Early career researchers face a childcare-conference conundrum

She had been to conferences before, but Nicole Swann was unprepared for the challenges she faced when she attended the largest conference in her field.

It wasn't the science that got to her. It was juggling her time with a 5-month-old baby girl, even with support from her family.

Nicole Swann "It was really hard for me," said Swann, who joined the UO Department of Human Physiology last fall. "I felt like no matter how hard I tried I missed so much of the meeting, and it was a conference where they were really trying, but they had made mistakes. I could tell that they wanted to be accommodating but didn't know how. The experience made me understand why parents might decide that it is easier to just stay home, why they may feel that they no longer belong."

At the time of that conference, in fall 2016, the native of Austin, Texas, was a postdoctoral researcher at the University of California, San Francisco.

"Conferences are important. When you are young and trying to establish your career, having face-to-face interaction with people in your field is really critical," said Swann, whose research at the UO focuses on interactions between brain regions in the motor system and how they are disrupted in Parkinson's disease. "You are trying to make a name for yourself and establish that you are an expert. If you are never seen, you are missing out on something."

All early career academic parents, not just women, face a financial hurdle in arranging on-site or home childcare so they can attend conferences, she said, but women tend to be affected more.

"You don't notice it as much during graduate school or and as a postdoc, but when you become an assistant professor and look around, you see there's not very many of us," she said. "A lot of women have told me that family is the reason they are concerned about continuing in academia. Many view it as not being very family friendly."

Swann is not alone in that line of thinking.

“Female graduate students and postdoctoral fellows who have babies while students or fellows are more than twice as likely as new fathers or than childless women to turn away from an academic research career,” wrote Mary Ann Mason, a professor at the University of California, Berkeley in an essay for Slate in June 2013.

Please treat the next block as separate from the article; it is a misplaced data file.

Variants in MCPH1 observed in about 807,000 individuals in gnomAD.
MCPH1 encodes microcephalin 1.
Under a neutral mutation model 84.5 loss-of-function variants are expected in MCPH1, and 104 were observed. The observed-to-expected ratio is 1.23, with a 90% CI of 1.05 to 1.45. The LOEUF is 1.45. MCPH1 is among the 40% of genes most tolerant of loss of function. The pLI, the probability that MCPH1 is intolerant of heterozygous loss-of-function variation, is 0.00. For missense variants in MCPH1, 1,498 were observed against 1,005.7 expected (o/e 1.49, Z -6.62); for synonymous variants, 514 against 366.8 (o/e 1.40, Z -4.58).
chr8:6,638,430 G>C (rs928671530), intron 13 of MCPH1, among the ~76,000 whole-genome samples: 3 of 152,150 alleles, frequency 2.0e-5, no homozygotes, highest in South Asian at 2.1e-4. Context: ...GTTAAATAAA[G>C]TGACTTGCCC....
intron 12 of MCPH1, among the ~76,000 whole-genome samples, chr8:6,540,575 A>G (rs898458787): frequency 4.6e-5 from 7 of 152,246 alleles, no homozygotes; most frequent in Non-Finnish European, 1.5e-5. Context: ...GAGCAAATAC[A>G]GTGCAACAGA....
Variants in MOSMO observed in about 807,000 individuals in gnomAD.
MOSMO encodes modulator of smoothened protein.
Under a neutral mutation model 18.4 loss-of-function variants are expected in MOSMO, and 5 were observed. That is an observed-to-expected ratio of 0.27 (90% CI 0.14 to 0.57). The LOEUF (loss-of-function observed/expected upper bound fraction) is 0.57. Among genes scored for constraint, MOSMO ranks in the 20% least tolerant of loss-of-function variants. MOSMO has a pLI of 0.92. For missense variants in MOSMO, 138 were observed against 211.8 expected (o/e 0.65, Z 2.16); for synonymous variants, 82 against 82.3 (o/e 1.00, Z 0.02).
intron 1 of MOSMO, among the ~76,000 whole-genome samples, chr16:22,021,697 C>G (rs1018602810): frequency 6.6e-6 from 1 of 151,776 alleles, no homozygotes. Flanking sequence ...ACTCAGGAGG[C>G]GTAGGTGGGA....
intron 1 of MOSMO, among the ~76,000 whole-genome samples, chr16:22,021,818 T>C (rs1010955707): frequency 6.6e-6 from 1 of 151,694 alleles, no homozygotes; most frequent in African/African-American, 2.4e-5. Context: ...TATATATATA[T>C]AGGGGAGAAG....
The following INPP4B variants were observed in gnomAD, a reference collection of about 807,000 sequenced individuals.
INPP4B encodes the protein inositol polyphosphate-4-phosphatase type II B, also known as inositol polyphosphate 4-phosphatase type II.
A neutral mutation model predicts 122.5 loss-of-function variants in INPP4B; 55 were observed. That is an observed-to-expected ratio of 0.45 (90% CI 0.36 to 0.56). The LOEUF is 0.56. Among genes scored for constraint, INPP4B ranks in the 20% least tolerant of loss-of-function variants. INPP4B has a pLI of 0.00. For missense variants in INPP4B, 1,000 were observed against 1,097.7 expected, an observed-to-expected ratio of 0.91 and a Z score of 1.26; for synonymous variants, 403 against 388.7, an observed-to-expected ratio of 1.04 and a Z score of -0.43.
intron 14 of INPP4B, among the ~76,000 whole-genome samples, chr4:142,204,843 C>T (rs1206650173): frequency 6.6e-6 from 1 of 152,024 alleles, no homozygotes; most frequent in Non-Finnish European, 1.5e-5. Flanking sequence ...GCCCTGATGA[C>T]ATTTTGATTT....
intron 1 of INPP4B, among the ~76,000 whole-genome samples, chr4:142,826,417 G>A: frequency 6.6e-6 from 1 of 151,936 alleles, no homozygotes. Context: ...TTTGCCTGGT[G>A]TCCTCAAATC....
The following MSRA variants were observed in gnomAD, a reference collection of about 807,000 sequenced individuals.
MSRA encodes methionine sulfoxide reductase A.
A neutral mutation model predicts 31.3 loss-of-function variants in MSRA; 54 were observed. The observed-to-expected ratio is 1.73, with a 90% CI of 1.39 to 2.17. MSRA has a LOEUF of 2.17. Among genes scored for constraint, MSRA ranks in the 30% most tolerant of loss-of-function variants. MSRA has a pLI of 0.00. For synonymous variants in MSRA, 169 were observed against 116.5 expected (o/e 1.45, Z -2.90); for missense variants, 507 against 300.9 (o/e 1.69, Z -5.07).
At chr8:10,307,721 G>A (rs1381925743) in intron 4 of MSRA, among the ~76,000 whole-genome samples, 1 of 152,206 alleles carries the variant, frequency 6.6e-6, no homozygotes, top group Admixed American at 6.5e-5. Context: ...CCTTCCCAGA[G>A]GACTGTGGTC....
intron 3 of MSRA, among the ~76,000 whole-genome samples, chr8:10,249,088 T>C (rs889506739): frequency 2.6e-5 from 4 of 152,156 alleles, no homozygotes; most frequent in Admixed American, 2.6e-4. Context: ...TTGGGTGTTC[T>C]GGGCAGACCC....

Swann’s experience blossomed into a collaboration of 46 women last year. Returning to the same conference, she and others replied to a Twitter post related to accommodations for women and families at the conference. They started a larger conversation about what more could be done to improve resources for childcare and lactation needs at conferences.

The results of women’s brainstorming have landed.

Rebecca Calisi of the University of California, Davis posted the original Twitter comment, and she detailed her own experiences and noted the problems in an essay in the Feb. 16 issue of the journal Science. Now, in an opinion paper published online March 5 by the Proceedings of the National Academy of Sciences, Calisi put forth the group’s suggested solutions.

Their four-pronged proposal is called CARE, which stands for childcare, accommodate families, resources and establish social networks.

In short, the four general points are:

Conference organizers and scientific societies should consider allocating funds, as a subsidy or grant, to conference attendees to help defray the costs of childcare either onsite or for arranging care assistance back home.

Conferences should accommodate families with family-friendly policies, events and scheduling, including welcoming families to some social events. Such an approach would reduce stress and allow young parents to increase their conference involvement.

Conferences should consider offering resources such as strategically located lactation facilities with appropriate resources, baby-changing areas and spaces for parents and caregivers to easily use.

Conferences could establish online parent-caregiver social networks to foster communication among attendees who bring children. This could help parents avoid social isolation and facilitate arranging kid-friendly meetups and activities, babysitting and childcare swaps.

"Our paper is meant to help conference organizers make their events more family friendly," Swann said. "It isn't meant as an all-or-nothing manual."

She said it is better for conferences to adopt some of these strategies even if they can't adopt them all right away. If academic conferences would adopt some of these practices, she added, it would send a powerful message of inclusion and help address the gender imbalance in academia.

—By Jim Barlow, University Communications